To say that the 2018 Golden Globe Awards was a breath of fresh air would be an understatement. Not only did it introduce the Time's Up movement, which seeks to end sexual harassment and gender inequality, but it also offered up a vast array of speeches that were both heartfelt and eye-opening. But if I had to narrow down one, I'd say it was Barbra Streisand's Golden Globes speech that had the biggest impact on me, simply because it shed light on a startling statistic.
Just before presenting the winner, Three Billboards Outside Ebbing, Missouri, with the award for Best Motion Picture Drama, Streisand took the time to use her platform for the greater good (like so many amazing women did all throughout the night) and recalled how long it's been since a woman won a Golden Globe for directing. (Here's a hint, it's been a very, very long time — like 34 years.) Actually what really brought this topic to the forefront of the evening was the overhead voice who announced Streisand onto the stage declaring this fact as if it was something to be proud of. And you better believe that Babs wasn't about to let that go.
"So backstage I heard they said I was the only woman, did I hear right? Yes, the only women to get the Best Director Award, and you know, that was 1984: That was 34 years ago. Folks, time’s up!" she said, obviously meaning to reference the Time's Up movement itself. "We need more women directors and more women to be nominated for Best Director. There are so many films out there that are so good directed by women."
She went on to say:
Anyway, I’m very proud to stand in a room with people who speak out against gender inequality, sexual harassment, and the pettiness that has poisoned our politics. And I’m proud that our industry, faced with uncomfortable truths, has vowed to change the way we do business. Truth is powerful, and in a really good film we recognize the truth about ourselves, about others and it's so powerful that it can even change people's minds, touch people's hearts, and ultimately even change society itself. This evening we've seen highlights from five really good films, nominated for Best Motion Picture Drama. And once again, here are the nominees.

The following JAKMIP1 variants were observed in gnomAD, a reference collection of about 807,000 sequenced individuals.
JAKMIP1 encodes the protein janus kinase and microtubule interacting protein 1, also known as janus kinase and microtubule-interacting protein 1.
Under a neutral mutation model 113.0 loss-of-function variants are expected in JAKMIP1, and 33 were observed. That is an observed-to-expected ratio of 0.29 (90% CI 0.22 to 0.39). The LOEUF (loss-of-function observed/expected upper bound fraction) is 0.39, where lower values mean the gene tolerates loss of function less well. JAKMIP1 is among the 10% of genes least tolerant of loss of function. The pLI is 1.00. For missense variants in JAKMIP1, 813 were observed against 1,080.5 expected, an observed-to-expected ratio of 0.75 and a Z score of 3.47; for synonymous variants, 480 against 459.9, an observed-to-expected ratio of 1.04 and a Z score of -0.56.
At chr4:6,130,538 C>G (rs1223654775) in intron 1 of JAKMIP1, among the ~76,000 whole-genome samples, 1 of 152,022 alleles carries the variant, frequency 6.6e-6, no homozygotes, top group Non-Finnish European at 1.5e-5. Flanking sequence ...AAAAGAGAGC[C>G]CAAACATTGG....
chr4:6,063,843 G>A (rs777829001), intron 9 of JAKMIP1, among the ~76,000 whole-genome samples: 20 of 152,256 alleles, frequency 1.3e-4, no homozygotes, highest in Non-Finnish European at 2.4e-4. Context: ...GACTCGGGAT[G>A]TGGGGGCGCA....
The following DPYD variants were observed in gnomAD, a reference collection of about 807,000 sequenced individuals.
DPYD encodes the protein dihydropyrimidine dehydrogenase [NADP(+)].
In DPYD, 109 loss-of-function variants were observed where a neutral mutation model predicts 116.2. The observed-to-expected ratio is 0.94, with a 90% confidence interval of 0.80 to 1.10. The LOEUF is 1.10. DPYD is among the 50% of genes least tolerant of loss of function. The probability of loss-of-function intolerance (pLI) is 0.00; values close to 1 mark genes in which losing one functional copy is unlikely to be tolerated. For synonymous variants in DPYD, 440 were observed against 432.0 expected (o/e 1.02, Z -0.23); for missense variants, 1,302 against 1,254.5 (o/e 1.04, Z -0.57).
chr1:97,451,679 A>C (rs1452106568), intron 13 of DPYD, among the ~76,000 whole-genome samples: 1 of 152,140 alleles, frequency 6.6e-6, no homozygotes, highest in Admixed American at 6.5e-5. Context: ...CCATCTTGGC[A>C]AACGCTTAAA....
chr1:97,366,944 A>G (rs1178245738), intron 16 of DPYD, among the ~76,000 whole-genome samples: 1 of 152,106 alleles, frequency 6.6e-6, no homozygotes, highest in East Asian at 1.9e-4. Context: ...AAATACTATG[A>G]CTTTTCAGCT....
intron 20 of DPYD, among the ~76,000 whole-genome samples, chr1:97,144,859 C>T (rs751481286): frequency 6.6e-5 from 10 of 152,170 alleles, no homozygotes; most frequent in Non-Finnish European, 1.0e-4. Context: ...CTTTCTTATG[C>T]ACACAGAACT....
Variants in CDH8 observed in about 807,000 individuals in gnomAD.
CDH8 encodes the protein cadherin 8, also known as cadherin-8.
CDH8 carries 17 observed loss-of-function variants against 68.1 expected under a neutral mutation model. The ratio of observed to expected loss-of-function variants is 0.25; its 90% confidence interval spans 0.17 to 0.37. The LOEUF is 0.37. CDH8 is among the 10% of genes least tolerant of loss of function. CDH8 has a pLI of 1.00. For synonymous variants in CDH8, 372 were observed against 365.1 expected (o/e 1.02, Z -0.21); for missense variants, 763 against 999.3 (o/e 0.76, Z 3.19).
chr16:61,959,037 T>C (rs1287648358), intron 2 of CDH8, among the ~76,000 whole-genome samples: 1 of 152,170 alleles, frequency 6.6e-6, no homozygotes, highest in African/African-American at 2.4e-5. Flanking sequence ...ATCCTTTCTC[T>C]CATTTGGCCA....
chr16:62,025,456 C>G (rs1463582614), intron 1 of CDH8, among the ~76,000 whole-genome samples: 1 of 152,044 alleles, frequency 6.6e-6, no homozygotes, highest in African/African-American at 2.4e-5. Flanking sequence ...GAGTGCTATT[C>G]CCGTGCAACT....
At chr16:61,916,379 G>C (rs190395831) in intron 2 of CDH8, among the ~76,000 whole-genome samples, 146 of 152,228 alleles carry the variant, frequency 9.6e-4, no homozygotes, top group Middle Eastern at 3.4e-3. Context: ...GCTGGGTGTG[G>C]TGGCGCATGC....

I won't go into the full list since at this point you know very well how it all turned out (congrats to Three Billboards Outside Ebbing, Missouri on a well-deserved victory). But that wasn't the most important part of her message by any means. Streisand's remarks were eye-opening. Can you believe it's been 34 years since a woman received a Best Director Award? On one hand, I can't say I'm floored by the news, but at the same time yikes. It's just so baffling. And as much as I'd like to say that things are changing for the better, this year's Golden Globes proved we still have a long way to go.
Lady Bird, which was directed by Greta Gerwig, may have taken home the Globe for Best Picture in a Musical or Comedy, however, when it came to the director category it was completely snubbed, much to everyone's surprise. In fact, as Natalie Portman so astutely pointed out, the Best Director category was made up of only men.
But hey, the theme of Sunday night's award show was all about calling people out on issues that deserve and need to be addressed, so this topic was a great addition. Perhaps if more voices like Streisand and Portman continue to speak out, this will eventually be a problem the world will never have to face again.
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